When schools, students, and families suddenly shifted to at-home learning due to the COVID-19 pandemic, one thing became glaringly obvious – educational technology is now entirely essential to modern schooling. Traditionally, when school budgets get pinched, technology is on the chopping block. As 2020 proved, access to tech keeps students connected, and educational disparities continue to widen when students lack access.
As the U.S. government pumps COVID-19 funding into various sectors, some of that money is dedicated to purchasing technology that will both aid in distance education and keep students safe back in the classroom. Let’s explore how the Coronavirus Aid, Relief, and Economic Security (CARES) Act – and the subsequent relief packages – will provide funding schools need to get great tech and accessories into the hands of students and teachers.
Who gets the money, and what is it for?
Funds from CARES, the Coronavirus Response and Relief Supplemental Appropriations (CRRSA) Act, and the American Rescue Plan (ARP) are distributed proportionally to each state, based on the percentage of Title I funds they receive. The money is then distributed by state education agencies (SEAs), 90% of which must go to local educational agencies. The remaining 10% can be used for targeted purposes.
All of the approved uses for Elementary and Secondary School Emergency Relief Fund (ESSER) funds are related in some way to COVID-19, from cleaning and sanitizing to programs that bridge learning gaps. Importantly, one of the approved uses is for the purchase of educational technology, including hardware, software, and connectivity. In Howard County, Maryland, the Baltimore Sun reports, “$2.25 million will go toward achieving the school system’s goal of having a device for all of its approximately 57,000 students by the end of the academic year.” [link]
Breaking down the CARES Act… and beyond
On March 27, 2020, the CARES Act was signed into law, providing a $2 trillion package of assistance measures, including $30.75 billion for an Education Stabilization Fund. This fund is divided into four categories:
- Education Stabilization Fund (ESF) Discretionary Grants
- Governor’s Emergency Education Relief Fund (GEER)
- Elementary and Secondary School Emergency Relief Fund (ESSER)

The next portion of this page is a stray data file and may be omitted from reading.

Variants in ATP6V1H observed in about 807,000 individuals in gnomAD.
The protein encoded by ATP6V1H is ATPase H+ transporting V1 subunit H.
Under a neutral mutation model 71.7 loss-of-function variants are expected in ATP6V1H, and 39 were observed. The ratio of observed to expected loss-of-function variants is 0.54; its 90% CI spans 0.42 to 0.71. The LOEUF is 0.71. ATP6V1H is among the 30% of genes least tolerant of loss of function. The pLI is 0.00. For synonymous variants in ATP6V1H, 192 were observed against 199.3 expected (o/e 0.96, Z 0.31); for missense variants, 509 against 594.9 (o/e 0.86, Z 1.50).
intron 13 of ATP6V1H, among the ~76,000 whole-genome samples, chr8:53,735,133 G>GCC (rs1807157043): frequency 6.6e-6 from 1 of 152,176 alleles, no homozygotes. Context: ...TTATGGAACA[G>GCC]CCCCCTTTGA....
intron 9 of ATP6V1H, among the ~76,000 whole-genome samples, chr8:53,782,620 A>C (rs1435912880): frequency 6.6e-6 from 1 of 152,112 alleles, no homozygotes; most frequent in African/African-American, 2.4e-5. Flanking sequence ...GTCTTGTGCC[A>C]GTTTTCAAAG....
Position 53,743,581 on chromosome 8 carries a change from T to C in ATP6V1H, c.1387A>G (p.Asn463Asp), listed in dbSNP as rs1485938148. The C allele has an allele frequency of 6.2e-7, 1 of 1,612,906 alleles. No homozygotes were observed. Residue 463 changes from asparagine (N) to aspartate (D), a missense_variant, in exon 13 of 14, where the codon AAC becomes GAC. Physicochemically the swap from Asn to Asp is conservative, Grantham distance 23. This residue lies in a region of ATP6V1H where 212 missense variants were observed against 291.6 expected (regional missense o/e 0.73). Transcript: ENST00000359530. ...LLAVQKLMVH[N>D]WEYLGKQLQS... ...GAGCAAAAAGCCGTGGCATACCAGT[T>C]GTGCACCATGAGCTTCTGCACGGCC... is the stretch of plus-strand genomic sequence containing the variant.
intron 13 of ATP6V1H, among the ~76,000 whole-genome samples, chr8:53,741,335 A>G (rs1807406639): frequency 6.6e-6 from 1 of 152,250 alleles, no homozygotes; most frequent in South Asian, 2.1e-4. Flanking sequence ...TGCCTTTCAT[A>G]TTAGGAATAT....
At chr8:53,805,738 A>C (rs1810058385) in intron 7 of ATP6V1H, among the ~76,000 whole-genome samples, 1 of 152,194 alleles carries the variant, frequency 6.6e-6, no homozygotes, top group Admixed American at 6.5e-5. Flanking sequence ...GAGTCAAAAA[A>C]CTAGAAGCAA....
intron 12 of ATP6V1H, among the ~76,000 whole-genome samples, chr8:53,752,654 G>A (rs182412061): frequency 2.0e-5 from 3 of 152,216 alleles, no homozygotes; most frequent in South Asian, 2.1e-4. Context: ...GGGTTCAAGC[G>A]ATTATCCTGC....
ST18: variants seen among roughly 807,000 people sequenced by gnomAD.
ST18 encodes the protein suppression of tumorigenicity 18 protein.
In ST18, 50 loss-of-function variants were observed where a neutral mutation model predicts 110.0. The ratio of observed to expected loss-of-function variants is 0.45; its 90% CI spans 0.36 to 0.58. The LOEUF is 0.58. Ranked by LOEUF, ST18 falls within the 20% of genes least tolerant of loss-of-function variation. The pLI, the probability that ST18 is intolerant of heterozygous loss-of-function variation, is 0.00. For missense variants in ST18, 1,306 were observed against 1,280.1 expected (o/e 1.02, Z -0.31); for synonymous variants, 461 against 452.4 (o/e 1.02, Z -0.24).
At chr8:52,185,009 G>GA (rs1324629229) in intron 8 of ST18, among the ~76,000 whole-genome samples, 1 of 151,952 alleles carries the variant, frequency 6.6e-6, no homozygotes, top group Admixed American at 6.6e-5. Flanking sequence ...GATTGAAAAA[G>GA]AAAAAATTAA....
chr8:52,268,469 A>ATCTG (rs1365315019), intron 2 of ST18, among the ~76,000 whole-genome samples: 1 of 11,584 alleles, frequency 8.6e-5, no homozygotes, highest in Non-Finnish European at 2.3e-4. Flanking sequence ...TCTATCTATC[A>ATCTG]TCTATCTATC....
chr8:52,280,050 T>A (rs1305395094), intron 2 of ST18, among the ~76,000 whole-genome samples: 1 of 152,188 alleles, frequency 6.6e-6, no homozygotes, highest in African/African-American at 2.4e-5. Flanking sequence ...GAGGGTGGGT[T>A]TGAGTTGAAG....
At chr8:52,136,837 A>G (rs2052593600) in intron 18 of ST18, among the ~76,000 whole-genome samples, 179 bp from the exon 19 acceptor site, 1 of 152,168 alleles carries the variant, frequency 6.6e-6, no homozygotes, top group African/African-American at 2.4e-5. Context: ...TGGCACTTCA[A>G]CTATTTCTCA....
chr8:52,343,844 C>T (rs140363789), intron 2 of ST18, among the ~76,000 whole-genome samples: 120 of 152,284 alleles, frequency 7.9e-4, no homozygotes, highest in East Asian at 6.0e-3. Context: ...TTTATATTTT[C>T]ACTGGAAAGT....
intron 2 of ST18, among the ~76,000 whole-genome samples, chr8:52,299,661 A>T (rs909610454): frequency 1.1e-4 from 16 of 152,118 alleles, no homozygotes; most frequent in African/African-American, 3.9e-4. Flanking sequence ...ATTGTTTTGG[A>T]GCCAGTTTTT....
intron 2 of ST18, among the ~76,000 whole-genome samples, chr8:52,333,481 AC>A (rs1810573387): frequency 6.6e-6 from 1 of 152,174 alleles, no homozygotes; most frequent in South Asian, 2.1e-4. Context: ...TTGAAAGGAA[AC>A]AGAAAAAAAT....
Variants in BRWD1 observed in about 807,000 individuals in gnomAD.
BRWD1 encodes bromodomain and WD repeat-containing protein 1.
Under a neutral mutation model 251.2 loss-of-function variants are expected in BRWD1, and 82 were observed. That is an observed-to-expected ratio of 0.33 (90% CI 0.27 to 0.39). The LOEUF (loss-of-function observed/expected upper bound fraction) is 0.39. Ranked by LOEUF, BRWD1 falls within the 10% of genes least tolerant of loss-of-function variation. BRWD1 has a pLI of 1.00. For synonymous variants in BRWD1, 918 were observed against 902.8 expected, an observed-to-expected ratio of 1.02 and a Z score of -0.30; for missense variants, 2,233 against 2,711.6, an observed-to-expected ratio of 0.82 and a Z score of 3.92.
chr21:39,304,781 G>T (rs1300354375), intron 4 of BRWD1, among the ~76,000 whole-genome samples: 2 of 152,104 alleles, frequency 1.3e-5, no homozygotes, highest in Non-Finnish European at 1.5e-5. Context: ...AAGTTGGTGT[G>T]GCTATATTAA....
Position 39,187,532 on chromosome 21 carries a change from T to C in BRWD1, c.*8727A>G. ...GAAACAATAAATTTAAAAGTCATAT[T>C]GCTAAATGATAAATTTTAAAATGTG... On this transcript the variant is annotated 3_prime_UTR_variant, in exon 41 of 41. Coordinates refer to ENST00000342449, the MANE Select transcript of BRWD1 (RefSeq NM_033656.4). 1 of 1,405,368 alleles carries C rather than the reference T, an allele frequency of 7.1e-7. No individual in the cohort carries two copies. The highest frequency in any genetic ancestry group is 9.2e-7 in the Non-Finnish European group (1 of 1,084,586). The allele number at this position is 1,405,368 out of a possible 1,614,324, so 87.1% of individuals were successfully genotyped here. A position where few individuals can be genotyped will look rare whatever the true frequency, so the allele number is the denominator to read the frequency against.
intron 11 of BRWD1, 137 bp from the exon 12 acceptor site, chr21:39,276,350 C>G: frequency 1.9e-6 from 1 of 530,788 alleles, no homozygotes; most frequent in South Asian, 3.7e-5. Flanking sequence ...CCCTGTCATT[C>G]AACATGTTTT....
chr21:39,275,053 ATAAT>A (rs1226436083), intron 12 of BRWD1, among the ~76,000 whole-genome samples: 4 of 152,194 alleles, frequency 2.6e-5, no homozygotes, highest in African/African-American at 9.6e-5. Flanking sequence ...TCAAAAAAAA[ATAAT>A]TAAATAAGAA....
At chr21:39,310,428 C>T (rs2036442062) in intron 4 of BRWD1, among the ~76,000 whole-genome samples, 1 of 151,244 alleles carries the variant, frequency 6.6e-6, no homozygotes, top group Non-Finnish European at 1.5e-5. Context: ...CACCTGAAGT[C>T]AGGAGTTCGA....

- Higher Education Emergency Relief Fund
Because the CARES Act was passed to help mitigate the effects and expenses of the pandemic, the law stipulates that funds can cover purchases made on or after March 13, 2020 – the day the national emergency was declared.
All CARES money must be spent by September of 2022, but funding doesn’t stop with the CARES Act. In late December, the CRRSA Act was passed. This adds an additional $81.9 billion in funds to the ESF. Finally, the ARP, passed in March 2021. This bill provides an additional $122 billion in relief specifically for K–12 schools. This additional funding can be used through September 2023.
Taken from the larger ESF, the ESSER fund is the pool of money allocated specifically for K–12 schools. Of the CARES Act’s $30.75 billion, $13.5 billion were allocated to the ESSER fund, which then provides funding to local educational agencies (LEAs), including charter schools that are LEAs. CRRSA contributed $54.3 billion, and ARP added nearly $122 billion.
Funding for the present and protection for the future
As funding makes its way to school districts, they will need to assess how to best use these emergency funds. Clearly, investment in tech and connectivity for every student is a must, but there are many factors to consider. Those charged with making ed tech decisions know all too well that technology is not a one-time expense.
While laptops, Chromebooks, and tablets might be technologically able to survive a few school years, surviving students is another matter altogether. When choosing the tech that’s right for each school and district, it’s important to decide which level of protection will help keep devices in service the longest. Beyond the actual cost of repair, global part shortages for both microchips and screens could make quick repairs difficult. Between cost and spare part scarcity, there are more reasons than ever to invest in solid protection.
Gumdrop’s cases are designed for students of all ages. From easy-to-grip, kid-friendly FoamTech to sleek, budget-friendly SlimTech, schools can find protection solutions that fit their needs. Gumdrop cases are rigorously drop-tested, so they can stand up to a tough day at school. Plus, Gumdrop has experience fulfilling large orders, with cases on hand for rapid deployment, so districts can protect their devices right away. Finally, Gumdrop is TechShell Authorized, which means the cases integrate impressive TechShell features and functionality, resulting in the best-fitting, highest-quality molded cases in the K–12 market, protecting devices from Dell, Lenovo, Apple, Acer, HP, Asus, Samsung, Google, and Microsoft.
“I have seen a student throw an iPad across the room in frustration and with the Gumdrop case on, it was perfectly fine and working.” – Leann Wondra, Assistant of Technology, Hutchinson Public School
In the past, finding room in the budget for tech and the necessary accessories was always a challenge. But as the U.S. government makes substantial investments in getting kids back to school safely, school districts should be able to purchase the tech that helps students learn both at home and in the classroom.